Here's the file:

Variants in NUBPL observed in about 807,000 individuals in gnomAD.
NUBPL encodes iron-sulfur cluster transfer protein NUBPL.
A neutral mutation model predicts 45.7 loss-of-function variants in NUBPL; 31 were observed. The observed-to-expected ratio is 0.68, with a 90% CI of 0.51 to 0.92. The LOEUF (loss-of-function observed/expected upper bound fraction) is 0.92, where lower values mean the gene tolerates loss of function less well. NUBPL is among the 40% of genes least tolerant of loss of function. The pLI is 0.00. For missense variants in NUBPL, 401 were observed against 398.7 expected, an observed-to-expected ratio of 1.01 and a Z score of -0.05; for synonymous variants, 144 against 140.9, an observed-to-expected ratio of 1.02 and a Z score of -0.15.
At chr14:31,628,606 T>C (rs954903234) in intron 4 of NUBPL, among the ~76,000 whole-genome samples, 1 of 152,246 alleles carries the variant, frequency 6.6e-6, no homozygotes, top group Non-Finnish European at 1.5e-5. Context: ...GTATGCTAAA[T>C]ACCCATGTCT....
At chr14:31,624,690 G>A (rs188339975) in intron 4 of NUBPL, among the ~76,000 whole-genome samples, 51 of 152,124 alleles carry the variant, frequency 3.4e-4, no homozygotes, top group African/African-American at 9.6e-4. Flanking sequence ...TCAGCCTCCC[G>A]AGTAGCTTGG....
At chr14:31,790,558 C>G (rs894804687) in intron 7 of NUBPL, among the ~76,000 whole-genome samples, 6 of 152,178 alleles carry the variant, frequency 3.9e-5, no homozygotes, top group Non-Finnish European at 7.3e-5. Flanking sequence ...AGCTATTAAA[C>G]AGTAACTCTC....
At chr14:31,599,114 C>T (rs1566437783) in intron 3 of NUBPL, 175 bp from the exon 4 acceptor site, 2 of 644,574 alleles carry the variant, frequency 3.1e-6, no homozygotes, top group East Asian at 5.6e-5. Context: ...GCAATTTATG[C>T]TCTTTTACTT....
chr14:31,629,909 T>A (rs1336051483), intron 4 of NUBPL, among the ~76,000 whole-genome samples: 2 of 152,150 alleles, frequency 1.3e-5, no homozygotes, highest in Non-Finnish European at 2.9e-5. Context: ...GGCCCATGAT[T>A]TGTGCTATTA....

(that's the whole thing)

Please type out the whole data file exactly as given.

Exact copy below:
Variants in NUBPL observed in about 807,000 individuals in gnomAD.
NUBPL encodes iron-sulfur cluster transfer protein NUBPL.
A neutral mutation model predicts 45.7 loss-of-function variants in NUBPL; 31 were observed. The observed-to-expected ratio is 0.68, with a 90% CI of 0.51 to 0.92. The LOEUF (loss-of-function observed/expected upper bound fraction) is 0.92, where lower values mean the gene tolerates loss of function less well. NUBPL is among the 40% of genes least tolerant of loss of function. The pLI is 0.00. For missense variants in NUBPL, 401 were observed against 398.7 expected, an observed-to-expected ratio of 1.01 and a Z score of -0.05; for synonymous variants, 144 against 140.9, an observed-to-expected ratio of 1.02 and a Z score of -0.15.
At chr14:31,628,606 T>C (rs954903234) in intron 4 of NUBPL, among the ~76,000 whole-genome samples, 1 of 152,246 alleles carries the variant, frequency 6.6e-6, no homozygotes, top group Non-Finnish European at 1.5e-5. Context: ...GTATGCTAAA[T>C]ACCCATGTCT....
At chr14:31,624,690 G>A (rs188339975) in intron 4 of NUBPL, among the ~76,000 whole-genome samples, 51 of 152,124 alleles carry the variant, frequency 3.4e-4, no homozygotes, top group African/African-American at 9.6e-4. Flanking sequence ...TCAGCCTCCC[G>A]AGTAGCTTGG....
At chr14:31,790,558 C>G (rs894804687) in intron 7 of NUBPL, among the ~76,000 whole-genome samples, 6 of 152,178 alleles carry the variant, frequency 3.9e-5, no homozygotes, top group Non-Finnish European at 7.3e-5. Flanking sequence ...AGCTATTAAA[C>G]AGTAACTCTC....
At chr14:31,599,114 C>T (rs1566437783) in intron 3 of NUBPL, 175 bp from the exon 4 acceptor site, 2 of 644,574 alleles carry the variant, frequency 3.1e-6, no homozygotes, top group East Asian at 5.6e-5. Context: ...GCAATTTATG[C>T]TCTTTTACTT....
chr14:31,629,909 T>A (rs1336051483), intron 4 of NUBPL, among the ~76,000 whole-genome samples: 2 of 152,150 alleles, frequency 1.3e-5, no homozygotes, highest in Non-Finnish European at 2.9e-5. Context: ...GGCCCATGAT[T>A]TGTGCTATTA....